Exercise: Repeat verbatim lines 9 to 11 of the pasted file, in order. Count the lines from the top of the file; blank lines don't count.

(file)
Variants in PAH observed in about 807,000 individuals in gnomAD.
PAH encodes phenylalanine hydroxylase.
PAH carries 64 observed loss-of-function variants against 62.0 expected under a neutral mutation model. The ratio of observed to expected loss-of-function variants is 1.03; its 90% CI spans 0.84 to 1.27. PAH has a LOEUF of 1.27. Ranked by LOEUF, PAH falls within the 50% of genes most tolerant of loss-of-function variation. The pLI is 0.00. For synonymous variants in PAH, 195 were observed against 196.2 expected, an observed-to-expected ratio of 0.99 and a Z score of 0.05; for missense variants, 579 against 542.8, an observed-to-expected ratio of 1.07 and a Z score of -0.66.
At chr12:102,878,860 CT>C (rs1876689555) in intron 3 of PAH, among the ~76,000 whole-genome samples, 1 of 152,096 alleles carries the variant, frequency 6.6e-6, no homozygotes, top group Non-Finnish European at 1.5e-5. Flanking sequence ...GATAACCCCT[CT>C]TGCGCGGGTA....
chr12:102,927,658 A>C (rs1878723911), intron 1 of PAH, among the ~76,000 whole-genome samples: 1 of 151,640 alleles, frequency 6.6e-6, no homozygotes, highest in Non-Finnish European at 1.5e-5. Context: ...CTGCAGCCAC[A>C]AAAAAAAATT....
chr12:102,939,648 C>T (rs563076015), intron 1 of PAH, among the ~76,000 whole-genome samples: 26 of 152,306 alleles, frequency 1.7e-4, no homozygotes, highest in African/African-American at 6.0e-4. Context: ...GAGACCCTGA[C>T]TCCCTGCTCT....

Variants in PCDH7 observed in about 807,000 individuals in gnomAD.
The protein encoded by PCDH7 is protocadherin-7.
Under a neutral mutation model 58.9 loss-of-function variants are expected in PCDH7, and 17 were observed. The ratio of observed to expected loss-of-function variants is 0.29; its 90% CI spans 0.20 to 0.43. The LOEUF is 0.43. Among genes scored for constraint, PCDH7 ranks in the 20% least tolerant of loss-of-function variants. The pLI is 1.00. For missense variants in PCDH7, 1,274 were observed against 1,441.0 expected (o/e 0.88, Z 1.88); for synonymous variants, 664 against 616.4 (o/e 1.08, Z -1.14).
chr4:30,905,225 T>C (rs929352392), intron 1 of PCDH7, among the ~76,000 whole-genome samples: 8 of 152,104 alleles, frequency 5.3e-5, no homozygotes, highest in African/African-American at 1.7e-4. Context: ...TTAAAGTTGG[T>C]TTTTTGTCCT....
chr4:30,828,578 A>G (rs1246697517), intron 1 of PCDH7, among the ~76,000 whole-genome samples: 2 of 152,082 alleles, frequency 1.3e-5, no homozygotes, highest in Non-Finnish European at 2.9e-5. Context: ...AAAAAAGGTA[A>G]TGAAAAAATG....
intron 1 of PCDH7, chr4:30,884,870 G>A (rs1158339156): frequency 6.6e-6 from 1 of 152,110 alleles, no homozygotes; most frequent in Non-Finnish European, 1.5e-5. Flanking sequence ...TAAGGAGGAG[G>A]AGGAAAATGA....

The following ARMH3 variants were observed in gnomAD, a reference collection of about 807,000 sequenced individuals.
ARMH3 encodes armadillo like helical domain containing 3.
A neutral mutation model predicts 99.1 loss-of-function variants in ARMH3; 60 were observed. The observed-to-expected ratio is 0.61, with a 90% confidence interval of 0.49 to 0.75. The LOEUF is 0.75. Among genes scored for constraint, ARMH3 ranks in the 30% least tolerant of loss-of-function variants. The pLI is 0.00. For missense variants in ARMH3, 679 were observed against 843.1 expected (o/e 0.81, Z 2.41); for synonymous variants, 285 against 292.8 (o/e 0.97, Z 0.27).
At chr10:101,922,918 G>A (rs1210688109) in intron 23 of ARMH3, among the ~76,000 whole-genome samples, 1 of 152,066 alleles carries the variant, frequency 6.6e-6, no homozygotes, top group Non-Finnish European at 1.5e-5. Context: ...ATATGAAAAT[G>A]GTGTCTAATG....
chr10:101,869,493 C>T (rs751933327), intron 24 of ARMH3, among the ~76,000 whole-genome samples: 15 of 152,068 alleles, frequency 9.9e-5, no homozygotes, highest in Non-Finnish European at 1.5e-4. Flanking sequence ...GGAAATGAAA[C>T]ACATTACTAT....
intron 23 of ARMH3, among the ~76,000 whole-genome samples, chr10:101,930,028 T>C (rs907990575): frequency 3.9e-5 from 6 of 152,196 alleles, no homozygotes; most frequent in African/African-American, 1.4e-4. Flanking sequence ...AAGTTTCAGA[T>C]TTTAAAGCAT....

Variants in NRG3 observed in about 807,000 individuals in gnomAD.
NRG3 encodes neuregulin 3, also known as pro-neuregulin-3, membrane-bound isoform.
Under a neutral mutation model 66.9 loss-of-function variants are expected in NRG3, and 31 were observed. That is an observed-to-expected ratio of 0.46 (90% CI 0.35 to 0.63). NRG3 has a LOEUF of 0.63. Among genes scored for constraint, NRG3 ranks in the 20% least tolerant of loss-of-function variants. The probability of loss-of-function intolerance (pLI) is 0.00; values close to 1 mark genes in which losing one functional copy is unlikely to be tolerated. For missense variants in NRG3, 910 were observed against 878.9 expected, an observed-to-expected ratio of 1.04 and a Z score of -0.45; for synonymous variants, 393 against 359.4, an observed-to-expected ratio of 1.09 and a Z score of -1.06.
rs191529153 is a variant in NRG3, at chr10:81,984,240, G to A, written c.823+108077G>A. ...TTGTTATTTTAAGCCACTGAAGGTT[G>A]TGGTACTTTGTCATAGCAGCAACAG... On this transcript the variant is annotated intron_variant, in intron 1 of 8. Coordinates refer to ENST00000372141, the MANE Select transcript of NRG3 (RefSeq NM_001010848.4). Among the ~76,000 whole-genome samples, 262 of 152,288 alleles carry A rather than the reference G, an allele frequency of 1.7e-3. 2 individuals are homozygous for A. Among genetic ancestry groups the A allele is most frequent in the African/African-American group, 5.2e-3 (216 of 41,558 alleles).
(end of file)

Under a neutral mutation model 58.9 loss-of-function variants are expected in PCDH7, and 17 were observed. The ratio of observed to expected loss-of-function variants is 0.29; its 90% CI spans 0.20 to 0.43. The LOEUF is 0.43. Among genes scored for constraint, PCDH7 ranks in the 20% least tolerant of loss-of-function variants. The pLI is 1.00. For missense variants in PCDH7, 1,274 were observed against 1,441.0 expected (o/e 0.88, Z 1.88); for synonymous variants, 664 against 616.4 (o/e 1.08, Z -1.14).
chr4:30,905,225 T>C (rs929352392), intron 1 of PCDH7, among the ~76,000 whole-genome samples: 8 of 152,104 alleles, frequency 5.3e-5, no homozygotes, highest in African/African-American at 1.7e-4. Context: ...TTAAAGTTGG[T>C]TTTTTGTCCT....
chr4:30,828,578 A>G (rs1246697517), intron 1 of PCDH7, among the ~76,000 whole-genome samples: 2 of 152,082 alleles, frequency 1.3e-5, no homozygotes, highest in Non-Finnish European at 2.9e-5. Context: ...AAAAAAGGTA[A>G]TGAAAAAATG....